inefficient. If the Taylor series evaluation process is compiled, there
is some improvement, but not sufficient to boost the efficiency enough
to be considered anything more than an exercise.
Symbolicnumeric methods as implemented, for example, in [Dupée & Davenport, 1996] use symbolic analysis to identify sufficient parameters to be able to select and implement numeric procedures, usually from the NAG Fortran Library. The results are then returned for further symbolic processing. Underlying this is the ability within Axiom to create, compile and link Fortran evaluation procedures, named ASPs (Argument SubPrograms), at runtime [Broughan et al., 1991; Keady & Nolan, 1994].
The technology to perform such processes, Nagman and nagd, is described in [Dewar, 1994]. In essence, the Nagman local agent manages the datatransfer between the different computing protocols, using RPC (remote procedure call) to pass the data to the NAG daemon (nagd), which may be running on a remote system. The nagd incorporates a main program (stub), the Fortran library routine with appropriate C header files and the Axiomgenerated ASP, performs the compilation and runs the resulting binary. The results are fed back through the Nagman to the current Axiom session.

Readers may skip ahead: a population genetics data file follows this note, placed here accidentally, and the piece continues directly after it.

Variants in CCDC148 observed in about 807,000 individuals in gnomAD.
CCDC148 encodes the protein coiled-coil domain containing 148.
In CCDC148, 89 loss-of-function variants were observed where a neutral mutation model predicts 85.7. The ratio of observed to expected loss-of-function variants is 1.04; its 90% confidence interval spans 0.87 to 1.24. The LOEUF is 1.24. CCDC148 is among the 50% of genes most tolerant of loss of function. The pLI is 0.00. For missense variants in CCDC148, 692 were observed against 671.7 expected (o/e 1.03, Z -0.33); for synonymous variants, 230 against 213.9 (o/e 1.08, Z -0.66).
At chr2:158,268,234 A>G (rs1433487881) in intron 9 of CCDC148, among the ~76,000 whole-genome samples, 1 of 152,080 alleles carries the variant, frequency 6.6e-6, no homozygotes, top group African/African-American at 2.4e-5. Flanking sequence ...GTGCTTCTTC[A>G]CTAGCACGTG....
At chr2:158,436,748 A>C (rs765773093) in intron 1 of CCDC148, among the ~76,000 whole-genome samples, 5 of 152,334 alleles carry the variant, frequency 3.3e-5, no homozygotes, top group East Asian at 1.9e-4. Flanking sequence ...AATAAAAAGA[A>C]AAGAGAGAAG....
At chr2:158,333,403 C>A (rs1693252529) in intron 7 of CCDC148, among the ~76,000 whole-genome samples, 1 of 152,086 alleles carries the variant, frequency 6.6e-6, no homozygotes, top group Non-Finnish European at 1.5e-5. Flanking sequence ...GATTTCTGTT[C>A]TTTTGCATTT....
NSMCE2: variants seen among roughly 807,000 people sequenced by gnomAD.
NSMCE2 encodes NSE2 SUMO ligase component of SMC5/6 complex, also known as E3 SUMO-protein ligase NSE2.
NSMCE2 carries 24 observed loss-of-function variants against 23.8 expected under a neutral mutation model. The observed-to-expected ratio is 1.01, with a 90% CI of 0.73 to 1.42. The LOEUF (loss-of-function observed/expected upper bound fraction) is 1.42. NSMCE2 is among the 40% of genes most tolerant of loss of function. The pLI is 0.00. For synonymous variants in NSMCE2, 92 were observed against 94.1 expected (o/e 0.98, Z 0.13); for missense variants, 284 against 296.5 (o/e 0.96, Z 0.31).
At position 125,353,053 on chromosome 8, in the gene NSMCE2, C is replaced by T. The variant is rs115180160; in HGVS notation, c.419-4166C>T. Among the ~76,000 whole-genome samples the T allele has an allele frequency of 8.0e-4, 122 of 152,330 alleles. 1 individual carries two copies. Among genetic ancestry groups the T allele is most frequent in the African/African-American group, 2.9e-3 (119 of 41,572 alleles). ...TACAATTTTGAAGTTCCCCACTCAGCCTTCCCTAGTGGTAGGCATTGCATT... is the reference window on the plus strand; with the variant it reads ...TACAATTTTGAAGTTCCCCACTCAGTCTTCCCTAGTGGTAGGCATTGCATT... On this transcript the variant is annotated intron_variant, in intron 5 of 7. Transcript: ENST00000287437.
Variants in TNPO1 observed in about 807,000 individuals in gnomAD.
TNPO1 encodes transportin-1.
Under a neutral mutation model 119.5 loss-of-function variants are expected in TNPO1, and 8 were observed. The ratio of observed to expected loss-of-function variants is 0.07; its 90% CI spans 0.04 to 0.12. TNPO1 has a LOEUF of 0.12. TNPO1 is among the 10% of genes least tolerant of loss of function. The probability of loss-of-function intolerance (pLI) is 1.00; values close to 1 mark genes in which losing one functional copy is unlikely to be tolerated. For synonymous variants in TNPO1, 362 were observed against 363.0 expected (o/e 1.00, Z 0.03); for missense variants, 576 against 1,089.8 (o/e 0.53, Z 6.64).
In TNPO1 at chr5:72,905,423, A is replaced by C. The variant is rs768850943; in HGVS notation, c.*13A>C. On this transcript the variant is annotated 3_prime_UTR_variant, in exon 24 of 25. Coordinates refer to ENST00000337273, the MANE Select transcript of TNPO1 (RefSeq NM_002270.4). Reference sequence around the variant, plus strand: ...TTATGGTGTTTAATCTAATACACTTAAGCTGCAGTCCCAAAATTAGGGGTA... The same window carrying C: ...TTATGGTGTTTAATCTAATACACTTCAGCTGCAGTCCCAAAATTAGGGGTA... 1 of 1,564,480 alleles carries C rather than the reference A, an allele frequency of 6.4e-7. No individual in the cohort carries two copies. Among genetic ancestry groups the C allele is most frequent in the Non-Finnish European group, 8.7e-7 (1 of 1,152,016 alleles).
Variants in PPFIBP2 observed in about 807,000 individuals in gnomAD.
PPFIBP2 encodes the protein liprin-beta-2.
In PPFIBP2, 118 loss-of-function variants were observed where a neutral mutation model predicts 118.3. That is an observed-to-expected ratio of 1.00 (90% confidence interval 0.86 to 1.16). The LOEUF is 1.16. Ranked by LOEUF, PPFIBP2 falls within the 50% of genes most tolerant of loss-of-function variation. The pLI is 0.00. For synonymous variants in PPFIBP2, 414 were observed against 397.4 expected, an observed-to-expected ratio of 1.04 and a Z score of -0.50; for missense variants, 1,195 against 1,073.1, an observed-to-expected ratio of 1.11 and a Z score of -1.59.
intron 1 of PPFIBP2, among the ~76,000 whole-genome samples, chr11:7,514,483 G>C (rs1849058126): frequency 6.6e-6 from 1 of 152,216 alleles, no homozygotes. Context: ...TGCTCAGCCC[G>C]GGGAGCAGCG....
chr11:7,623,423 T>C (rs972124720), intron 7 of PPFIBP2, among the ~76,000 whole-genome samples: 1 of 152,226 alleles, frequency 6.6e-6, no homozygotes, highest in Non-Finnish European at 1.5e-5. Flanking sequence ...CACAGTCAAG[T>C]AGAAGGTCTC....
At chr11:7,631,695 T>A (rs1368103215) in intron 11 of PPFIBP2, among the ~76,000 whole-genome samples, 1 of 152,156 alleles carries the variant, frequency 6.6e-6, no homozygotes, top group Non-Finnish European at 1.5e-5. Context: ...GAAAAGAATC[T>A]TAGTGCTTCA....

The Fortran generation utilities included with recent implementations of Axiom are used to both create the Fortran code and also to verify that the full ANSI 1978 standards are adhered to with respect to variable names, types and constructs. The verification is necessary since the code may need to be compiled on a remote machine of indeterminate operating system and with any compiler.